Credit makes inroads on China forecourts

The Financial Times, December 26, 2012

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In China, cash is still king at the car dealership. But many younger car buyers in the world’s largest auto market are rapidly taking on western habits – including using credit to buy a more expensive car than they could otherwise afford.

Carmakers, both foreign and Chinese, are keen to encourage a more profligate attitude in a country whose financial conservatism sets it apart. Some have recently set up finance companies in the hope that credit will play the role in China that it plays in Europe and the US: boosting demand for their products.

Many homes are paid for in cash in China, so buying a car with cash is considered no big deal. The idea of paying by credit is catching on among the younger generation, though older Chinese still abhor the notion. As recently as five years ago the percentage of buyers using credit to buy a car was tiny. But that is changing, say auto analysts.

Eva Chan, who is buying a new car, says she could afford to pay cash but has decided to use credit because a local bank is offering an interest-free loan as part of a dealer promotion. She ends up with a Rmb200,000 ($32,000) car, bought with Rmb120,000 of credit.

“The vast majority of customers throughout China continue to pay in one lump sum,” says John Lawler, head of Ford Greater China. But, in the past few years, “the benefits of financing have become much better understood . . . although [it is] still well below other markets around the world”, he adds.

General Motors, the market leader in manufacturer finance through its GMAC-SAIC Automotive Finance joint venture, has had its customer base more than double since 2010 to nearly 900,000 in August. GMAC says the car finance market is growing faster than the car market itself – where sales are expected to end the year up 5 to 10 per cent – and forecasts that market penetration will as much as double by 2020 to about 30 per cent.

Minsheng Bank, in a report this month, says outstanding consumer car loans last year totalled Rmb300bn, about a quarter from car finance companies, a quarter from credit card loans and 40 per cent from commercial banks. That was double the figure for 2010 and could exceed Rmb1tn within 10 years, the report says.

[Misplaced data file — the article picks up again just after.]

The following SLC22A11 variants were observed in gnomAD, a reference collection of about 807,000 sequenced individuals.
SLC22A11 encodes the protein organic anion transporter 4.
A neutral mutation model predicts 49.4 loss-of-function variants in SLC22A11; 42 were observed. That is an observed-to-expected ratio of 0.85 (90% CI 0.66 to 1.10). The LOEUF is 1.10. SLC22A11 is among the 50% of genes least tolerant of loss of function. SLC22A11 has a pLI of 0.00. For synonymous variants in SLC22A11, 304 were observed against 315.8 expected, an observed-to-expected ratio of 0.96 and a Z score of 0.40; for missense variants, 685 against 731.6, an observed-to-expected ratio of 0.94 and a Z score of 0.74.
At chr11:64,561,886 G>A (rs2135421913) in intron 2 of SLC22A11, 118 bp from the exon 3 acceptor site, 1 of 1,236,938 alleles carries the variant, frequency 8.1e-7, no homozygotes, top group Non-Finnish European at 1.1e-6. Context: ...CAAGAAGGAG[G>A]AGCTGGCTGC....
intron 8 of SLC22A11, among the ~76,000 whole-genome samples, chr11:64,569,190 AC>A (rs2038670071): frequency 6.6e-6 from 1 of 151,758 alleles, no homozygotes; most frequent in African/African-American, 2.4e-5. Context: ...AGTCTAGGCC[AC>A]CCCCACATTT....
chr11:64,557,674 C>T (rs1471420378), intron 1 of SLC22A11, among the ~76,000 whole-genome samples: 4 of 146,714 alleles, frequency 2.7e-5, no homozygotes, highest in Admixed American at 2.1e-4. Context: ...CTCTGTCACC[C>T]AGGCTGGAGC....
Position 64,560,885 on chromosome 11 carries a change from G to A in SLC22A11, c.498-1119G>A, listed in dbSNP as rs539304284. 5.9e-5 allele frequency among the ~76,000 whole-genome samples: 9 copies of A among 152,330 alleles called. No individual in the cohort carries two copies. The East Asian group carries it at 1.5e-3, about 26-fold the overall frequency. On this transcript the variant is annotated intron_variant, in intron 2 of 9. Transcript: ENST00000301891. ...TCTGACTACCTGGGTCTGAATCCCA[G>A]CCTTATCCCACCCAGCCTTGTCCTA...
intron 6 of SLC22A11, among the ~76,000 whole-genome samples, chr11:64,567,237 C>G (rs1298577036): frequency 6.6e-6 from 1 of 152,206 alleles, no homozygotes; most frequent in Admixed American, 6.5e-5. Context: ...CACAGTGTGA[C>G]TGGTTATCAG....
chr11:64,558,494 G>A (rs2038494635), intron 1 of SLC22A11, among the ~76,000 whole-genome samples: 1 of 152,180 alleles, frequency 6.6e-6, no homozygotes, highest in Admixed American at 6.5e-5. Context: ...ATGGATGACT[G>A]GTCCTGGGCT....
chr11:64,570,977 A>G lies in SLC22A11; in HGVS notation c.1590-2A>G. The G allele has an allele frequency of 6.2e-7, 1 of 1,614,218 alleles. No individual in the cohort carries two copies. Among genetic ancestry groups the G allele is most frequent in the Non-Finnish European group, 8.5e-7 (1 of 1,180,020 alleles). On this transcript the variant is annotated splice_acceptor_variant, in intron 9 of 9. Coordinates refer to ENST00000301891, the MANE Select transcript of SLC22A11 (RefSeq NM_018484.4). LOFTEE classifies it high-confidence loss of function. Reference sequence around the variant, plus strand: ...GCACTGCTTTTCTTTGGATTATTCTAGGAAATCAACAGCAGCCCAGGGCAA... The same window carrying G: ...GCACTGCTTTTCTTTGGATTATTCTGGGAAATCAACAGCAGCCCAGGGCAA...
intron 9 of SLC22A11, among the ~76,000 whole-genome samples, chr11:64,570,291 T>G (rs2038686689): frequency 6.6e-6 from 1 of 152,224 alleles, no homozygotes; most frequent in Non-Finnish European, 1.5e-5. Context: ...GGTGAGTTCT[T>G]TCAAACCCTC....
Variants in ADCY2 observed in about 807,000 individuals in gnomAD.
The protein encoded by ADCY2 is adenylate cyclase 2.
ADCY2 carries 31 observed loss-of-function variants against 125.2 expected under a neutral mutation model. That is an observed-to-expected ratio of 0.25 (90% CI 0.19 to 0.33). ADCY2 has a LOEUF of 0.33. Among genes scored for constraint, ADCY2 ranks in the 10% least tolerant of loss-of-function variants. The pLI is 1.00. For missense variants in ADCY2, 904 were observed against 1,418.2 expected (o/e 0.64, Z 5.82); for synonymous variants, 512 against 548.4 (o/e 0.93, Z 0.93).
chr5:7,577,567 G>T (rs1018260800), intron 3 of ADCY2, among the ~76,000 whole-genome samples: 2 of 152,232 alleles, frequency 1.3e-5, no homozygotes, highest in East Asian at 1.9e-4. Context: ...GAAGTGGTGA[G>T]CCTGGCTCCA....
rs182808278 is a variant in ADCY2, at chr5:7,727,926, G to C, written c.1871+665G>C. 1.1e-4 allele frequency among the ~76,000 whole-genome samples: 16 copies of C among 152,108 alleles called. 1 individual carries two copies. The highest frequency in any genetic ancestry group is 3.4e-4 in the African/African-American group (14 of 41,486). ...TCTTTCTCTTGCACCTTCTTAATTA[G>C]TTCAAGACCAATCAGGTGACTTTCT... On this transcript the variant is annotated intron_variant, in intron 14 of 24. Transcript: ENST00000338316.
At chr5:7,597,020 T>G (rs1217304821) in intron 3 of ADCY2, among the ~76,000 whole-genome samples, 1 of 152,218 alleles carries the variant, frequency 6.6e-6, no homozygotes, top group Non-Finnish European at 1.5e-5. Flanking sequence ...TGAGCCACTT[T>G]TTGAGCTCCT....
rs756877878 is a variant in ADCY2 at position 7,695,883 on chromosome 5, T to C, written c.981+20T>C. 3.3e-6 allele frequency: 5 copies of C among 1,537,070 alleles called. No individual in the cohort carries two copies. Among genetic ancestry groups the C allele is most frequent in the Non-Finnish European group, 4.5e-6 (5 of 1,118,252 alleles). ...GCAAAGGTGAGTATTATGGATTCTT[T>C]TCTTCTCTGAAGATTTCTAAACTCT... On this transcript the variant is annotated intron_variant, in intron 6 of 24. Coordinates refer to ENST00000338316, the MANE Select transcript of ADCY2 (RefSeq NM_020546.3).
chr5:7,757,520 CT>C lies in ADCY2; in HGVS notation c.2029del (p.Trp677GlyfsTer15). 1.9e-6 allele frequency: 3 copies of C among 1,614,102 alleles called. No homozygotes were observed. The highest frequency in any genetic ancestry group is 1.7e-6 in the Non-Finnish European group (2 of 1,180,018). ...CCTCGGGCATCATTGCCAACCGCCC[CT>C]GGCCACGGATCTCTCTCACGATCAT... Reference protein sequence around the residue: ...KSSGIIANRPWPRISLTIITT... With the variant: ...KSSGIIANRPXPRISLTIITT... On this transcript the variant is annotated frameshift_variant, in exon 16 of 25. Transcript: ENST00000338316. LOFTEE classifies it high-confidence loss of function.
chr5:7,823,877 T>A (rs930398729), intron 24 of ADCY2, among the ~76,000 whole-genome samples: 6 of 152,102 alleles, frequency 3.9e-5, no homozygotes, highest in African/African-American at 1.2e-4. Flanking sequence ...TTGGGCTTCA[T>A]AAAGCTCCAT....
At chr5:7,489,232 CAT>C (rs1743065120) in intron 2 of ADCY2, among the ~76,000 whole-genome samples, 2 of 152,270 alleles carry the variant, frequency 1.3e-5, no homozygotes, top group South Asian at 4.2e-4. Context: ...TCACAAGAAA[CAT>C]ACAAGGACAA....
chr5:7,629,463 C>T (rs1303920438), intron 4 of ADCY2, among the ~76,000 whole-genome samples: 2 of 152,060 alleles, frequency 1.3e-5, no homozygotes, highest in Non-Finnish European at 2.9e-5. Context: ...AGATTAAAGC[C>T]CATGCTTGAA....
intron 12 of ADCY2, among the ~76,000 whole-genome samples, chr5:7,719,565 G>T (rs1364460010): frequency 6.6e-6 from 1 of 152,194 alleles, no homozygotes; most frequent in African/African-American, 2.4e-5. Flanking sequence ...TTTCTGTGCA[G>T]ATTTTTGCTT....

But GMAC says that, while market penetration in China could reach that seen elsewhere in Asia, it is unlikely to match US or European levels.

Bill Russo, head of the Synergistics auto consultancy in Beijing, puts the penetration rate of all forms of auto finance – provided by manufacturers through their credit companies and by banks – at 15 to 20 per cent, compared with 92 per cent in the US, 70 per cent in Germany and 74 per cent in the UK.

“The Asian mindset about credit is quite different,” Mr Russo says, noting that market penetration in Japan is still below 50 per cent. “Maybe 40-plus per cent is the ceiling in China.”

Global carmakers are eager to extend the availability of finance in China, he says, because credit expands the pool of potential buyers and shortens the life cycle of car ownership because those who lease a car will often change it when the contract ends.

South Korea’s Hyundai Motor this year set up a car financing joint venture with Beijing Automotive Industry Corporation. Lee Kyo Chang, chief executive of Beijing Hyundai Auto Finance, says that while only 15 per cent of buyers use credit, 30 per cent say they would be willing to. Commercial banks, Mr Lee says, approve only half of applications, so car financing companies, which have less conservative approval policies, can step into the breach.

BMW launched a Chinese car finance joint venture in 2010 with Brilliance China. Kirk Cordill, its chief executive, says establishing a credit history for potential buyers is not easy. “Sometimes we have to do home checks to make sure the customer really lives where they say they live,” he says. In the west, most car finance companies would only visit a customer’s home to repossess a vehicle in default.

The shift in China’s attitude to credit is only beginning, say market analysts such as Klaus Paur, global head of automotive research at Ipsos. “In the past five years there has been a tremendous change in how people approach their lives in China, and this extends to buying a car, and using a car, and financing a car, and that is a very significant change,” he says.